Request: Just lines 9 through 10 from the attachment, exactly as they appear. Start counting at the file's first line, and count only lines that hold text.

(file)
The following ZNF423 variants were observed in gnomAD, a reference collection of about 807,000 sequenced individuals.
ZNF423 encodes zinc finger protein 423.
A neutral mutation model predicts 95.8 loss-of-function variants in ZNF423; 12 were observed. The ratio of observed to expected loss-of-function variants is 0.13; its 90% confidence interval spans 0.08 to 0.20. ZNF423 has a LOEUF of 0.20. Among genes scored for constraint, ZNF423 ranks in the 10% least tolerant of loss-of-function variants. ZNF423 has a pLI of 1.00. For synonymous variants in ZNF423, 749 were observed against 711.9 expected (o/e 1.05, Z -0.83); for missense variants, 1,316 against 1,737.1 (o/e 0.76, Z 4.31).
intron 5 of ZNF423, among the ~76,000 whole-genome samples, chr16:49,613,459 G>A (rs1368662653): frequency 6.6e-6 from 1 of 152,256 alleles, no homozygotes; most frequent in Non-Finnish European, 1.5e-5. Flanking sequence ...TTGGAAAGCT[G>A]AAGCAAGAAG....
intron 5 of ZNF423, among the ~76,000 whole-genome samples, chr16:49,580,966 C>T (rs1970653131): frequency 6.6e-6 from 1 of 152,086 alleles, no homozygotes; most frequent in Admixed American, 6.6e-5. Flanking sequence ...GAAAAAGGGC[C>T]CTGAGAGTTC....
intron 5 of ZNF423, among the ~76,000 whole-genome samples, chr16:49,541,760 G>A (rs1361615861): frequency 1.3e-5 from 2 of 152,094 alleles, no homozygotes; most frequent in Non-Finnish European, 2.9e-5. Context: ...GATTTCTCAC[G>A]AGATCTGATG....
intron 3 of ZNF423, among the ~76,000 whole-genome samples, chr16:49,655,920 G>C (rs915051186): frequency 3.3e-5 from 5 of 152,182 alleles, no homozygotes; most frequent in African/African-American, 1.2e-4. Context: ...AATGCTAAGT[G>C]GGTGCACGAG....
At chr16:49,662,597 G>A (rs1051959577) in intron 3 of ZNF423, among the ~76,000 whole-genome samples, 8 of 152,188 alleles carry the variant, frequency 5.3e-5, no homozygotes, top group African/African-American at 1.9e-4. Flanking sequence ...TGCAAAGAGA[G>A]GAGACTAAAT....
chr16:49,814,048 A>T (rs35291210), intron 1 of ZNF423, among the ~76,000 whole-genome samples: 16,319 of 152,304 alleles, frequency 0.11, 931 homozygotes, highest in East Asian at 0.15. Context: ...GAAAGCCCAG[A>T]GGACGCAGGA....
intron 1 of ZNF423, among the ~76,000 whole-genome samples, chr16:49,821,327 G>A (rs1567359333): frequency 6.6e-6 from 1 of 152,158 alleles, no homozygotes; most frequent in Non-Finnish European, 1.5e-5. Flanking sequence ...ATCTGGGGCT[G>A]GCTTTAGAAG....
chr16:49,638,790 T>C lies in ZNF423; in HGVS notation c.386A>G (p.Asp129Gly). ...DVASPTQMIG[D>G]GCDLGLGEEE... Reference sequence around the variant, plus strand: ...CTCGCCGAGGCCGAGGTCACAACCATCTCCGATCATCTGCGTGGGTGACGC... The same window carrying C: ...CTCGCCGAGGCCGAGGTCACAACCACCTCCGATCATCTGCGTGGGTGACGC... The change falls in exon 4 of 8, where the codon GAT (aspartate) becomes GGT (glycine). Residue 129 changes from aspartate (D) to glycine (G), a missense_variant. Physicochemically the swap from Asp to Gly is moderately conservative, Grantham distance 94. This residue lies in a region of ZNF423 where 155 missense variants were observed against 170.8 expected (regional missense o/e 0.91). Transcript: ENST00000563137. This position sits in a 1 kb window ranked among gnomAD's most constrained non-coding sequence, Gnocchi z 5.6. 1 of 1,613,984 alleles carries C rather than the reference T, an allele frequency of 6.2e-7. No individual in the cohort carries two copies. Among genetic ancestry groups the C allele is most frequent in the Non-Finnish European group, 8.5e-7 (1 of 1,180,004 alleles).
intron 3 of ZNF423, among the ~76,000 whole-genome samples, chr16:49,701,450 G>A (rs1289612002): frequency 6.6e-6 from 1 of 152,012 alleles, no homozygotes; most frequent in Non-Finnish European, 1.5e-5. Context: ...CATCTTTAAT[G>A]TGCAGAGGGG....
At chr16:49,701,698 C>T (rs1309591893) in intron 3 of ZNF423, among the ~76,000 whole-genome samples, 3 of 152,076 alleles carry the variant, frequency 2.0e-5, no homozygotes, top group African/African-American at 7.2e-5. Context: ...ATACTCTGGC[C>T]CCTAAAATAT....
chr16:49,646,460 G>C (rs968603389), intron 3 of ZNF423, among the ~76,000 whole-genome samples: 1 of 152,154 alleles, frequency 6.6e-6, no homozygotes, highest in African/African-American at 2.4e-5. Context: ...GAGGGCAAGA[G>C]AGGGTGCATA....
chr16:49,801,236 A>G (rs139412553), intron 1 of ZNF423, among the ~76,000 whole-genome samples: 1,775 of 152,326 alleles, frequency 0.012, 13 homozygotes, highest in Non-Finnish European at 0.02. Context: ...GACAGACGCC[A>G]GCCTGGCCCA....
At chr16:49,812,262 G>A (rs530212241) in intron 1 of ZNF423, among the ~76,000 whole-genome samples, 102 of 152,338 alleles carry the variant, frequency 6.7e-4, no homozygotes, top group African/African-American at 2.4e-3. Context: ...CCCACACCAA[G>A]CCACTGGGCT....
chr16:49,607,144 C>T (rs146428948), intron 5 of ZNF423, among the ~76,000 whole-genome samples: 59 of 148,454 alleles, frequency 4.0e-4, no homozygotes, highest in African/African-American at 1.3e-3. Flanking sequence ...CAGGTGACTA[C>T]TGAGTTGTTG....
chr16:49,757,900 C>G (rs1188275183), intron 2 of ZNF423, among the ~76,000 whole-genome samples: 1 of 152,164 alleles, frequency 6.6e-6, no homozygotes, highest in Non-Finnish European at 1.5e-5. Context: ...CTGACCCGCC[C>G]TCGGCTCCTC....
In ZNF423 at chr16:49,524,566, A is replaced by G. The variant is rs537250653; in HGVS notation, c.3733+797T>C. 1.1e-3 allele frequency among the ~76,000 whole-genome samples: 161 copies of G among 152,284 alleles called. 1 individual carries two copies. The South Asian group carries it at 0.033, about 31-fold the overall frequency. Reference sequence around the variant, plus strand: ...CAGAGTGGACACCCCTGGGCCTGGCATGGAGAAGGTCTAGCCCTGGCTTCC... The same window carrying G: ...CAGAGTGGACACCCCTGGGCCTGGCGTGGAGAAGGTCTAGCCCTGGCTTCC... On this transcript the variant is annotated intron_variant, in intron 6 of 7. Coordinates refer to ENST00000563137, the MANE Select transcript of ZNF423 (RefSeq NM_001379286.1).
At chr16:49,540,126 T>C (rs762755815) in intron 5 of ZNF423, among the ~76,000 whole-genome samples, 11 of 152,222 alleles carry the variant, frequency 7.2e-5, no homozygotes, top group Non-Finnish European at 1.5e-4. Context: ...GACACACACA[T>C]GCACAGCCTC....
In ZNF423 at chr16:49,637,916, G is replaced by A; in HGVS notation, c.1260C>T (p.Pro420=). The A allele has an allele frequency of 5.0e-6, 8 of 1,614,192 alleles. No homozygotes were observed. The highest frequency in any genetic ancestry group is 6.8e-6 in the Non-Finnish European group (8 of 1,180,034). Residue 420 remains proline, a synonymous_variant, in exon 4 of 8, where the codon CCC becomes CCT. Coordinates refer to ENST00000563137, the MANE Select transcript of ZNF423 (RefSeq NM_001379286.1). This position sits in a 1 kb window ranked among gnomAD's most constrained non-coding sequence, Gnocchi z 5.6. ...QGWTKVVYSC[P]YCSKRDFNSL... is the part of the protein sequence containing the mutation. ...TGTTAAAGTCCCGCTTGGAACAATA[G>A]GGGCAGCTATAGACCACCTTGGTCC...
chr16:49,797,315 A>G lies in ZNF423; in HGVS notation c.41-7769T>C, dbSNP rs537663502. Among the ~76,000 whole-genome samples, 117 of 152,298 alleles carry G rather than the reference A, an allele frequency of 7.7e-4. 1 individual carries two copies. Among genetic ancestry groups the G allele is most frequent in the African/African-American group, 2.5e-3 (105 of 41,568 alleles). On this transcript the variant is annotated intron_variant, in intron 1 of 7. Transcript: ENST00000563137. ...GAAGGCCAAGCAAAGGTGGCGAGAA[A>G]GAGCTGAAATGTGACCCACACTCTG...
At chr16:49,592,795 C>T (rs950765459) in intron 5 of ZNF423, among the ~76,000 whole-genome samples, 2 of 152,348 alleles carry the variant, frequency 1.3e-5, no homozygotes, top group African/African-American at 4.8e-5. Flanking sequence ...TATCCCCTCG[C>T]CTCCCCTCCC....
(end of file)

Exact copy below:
chr16:49,814,048 A>T (rs35291210), intron 1 of ZNF423, among the ~76,000 whole-genome samples: 16,319 of 152,304 alleles, frequency 0.11, 931 homozygotes, highest in East Asian at 0.15. Context: ...GAAAGCCCAG[A>T]GGACGCAGGA....
intron 1 of ZNF423, among the ~76,000 whole-genome samples, chr16:49,821,327 G>A (rs1567359333): frequency 6.6e-6 from 1 of 152,158 alleles, no homozygotes; most frequent in Non-Finnish European, 1.5e-5. Flanking sequence ...ATCTGGGGCT[G>A]GCTTTAGAAG....